Green Tractor Talk banner

1 - 20 of 36 Posts

·
Corndog Hater
Joined
·
11,278 Posts
Discussion Starter #1
I have been going to start a thread for tips and tricks and favorite products for keeping your vehicles, and Deere equipment, looking their best. A discussion in the GM thread this morning spurred me on. Tell us what you do and use.......
 

·
Super Moderator
Joined
·
7,916 Posts
My father and grandfather were both mechanically handy and thankful for everything they earned and owned. Both took pride in their vehicles. It wasn't uncommon to spend a whole day washing and waxing a vehicle back in the day. My grandfather used to say "It's easier to keep a clean vehicle clean."

We'd wash and dry the cars in the shade and then take them around the house, park under a large maple tree and wax them with Butcher's floor wax. You want to talk about a workout! We'd rub that stuff on one panel at a time and wait for it to dry. Then use a diaper sprinkled with cornstarch to remove and polish the paint!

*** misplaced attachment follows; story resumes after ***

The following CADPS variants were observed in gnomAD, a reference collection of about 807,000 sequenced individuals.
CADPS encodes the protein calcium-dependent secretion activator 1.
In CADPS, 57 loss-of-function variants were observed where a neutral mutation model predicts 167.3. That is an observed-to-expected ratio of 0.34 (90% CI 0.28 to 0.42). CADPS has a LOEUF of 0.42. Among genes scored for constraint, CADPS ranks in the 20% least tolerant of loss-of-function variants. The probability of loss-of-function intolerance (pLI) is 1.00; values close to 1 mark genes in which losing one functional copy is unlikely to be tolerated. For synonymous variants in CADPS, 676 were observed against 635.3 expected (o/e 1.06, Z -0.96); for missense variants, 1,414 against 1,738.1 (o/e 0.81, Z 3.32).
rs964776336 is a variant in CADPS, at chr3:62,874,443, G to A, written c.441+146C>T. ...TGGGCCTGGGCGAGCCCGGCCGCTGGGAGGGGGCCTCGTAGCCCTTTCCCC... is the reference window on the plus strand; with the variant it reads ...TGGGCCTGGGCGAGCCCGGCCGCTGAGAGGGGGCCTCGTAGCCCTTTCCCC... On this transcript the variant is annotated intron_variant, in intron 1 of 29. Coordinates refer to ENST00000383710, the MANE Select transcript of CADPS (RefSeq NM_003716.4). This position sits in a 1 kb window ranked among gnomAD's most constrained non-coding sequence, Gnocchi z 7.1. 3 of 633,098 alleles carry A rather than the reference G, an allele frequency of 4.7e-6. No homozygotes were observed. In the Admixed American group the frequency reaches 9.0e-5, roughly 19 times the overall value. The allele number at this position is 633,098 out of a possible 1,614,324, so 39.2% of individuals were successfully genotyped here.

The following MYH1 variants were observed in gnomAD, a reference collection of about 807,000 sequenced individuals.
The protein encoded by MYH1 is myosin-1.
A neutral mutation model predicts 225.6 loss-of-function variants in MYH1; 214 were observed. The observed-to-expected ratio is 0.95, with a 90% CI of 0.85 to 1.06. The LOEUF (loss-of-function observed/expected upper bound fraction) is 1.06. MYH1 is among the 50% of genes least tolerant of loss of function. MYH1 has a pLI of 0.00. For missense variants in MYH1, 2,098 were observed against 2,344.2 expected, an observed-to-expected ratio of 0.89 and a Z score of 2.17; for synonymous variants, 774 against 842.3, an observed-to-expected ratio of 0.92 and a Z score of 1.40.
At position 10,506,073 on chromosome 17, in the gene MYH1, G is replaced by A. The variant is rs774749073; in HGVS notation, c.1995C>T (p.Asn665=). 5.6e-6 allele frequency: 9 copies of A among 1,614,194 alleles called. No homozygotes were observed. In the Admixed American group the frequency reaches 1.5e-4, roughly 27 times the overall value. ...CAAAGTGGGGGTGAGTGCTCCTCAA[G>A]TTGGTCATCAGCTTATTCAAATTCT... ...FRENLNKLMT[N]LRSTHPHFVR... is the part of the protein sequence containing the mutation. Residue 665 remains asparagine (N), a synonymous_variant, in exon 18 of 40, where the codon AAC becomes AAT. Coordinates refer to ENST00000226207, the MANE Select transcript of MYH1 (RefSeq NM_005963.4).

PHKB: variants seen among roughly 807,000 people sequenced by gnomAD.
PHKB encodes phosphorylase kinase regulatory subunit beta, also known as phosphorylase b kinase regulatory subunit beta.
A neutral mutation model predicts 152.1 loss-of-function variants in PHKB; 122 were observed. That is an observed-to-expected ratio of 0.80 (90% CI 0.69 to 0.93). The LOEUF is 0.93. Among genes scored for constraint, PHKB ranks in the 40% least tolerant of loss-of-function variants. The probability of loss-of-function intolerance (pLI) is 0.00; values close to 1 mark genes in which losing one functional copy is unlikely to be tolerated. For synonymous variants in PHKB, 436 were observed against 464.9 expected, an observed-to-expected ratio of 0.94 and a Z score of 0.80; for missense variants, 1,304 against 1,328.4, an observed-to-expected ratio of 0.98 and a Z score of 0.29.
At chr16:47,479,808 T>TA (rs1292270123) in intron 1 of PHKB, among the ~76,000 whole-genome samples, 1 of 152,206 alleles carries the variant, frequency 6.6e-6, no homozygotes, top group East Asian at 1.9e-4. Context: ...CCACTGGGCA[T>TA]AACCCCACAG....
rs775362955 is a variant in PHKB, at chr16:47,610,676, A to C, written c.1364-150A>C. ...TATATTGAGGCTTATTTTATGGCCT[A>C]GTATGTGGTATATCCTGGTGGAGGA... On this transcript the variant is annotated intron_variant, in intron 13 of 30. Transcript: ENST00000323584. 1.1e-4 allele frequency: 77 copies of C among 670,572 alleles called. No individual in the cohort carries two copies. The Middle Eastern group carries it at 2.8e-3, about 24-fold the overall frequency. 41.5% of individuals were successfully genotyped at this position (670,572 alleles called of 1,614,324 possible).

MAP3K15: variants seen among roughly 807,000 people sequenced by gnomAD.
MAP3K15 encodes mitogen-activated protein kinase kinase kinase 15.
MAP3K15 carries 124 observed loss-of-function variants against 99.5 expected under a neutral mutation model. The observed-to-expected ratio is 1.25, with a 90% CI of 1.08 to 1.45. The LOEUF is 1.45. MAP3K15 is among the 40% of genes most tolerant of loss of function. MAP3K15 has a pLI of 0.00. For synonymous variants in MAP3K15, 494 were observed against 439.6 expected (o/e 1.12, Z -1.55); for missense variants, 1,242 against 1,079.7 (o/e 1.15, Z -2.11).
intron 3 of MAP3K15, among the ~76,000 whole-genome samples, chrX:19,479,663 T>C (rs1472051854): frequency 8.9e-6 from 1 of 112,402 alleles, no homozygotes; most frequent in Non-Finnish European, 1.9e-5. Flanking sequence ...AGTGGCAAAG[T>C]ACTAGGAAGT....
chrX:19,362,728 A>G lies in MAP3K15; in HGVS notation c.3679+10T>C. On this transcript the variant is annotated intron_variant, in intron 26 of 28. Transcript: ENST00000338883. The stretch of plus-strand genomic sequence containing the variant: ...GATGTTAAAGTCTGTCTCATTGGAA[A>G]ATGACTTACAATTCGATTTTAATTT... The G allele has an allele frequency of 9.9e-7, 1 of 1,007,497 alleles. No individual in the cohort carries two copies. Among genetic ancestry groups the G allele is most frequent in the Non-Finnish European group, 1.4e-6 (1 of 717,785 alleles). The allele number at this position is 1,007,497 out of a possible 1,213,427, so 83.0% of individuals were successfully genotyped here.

So since my first vehicle that also happened to be my grandfather's '57 Chevy that I inherited, I've always kept his good advice in mind and stayed after my vehicles. Of course over the years I've enjoyed the benefits of newer products that were much more user friendly.

I've graduated to the spray-on paint protection sealants and now use the Meguiar's Hybrid Ceramic Wax as previously mentioned. It resists water and debris doesn't adhere to the paint and as my grandfather said, "It's easier to keep a clean vehicle clean!"
 

·
Corndog Hater
Joined
·
11,278 Posts
Discussion Starter #4
Thanks Frank.

I have similar memories of my weekends as a kid helping my dad. His vehicles are still always clean. I agree with “keeping a clean car clean” advice, it really is easier.

I have always used paste waxes, but the time it takes is my biggest enemy now. I am definitely going to give your recommendation a shot. Recently, I have been seeing a lot of advertising here locally for the ceramic coatings. The sprays must be the “in” thing. I have found the spray bug and tar removers to be better than the old chalky liquid rub on stuff.

With two new cars, I bought a car “duster” recently off Amazon. That has worked well on the dash and other areas. Again, it seems if you keep after it, the surfaces maintain their natural shine longer. This helps to not have to spray Armor All (don’t really like that stuff) or similar product on everything.

My goal someday, either at this house or the next, is the be able to spritz the cars off in the garage, especially in the winter.
 

·
Super Moderator
Joined
·
7,916 Posts
My goal someday, either at this house or the next, is the be able to spritz the cars off in the garage, especially in the winter.
Jamie,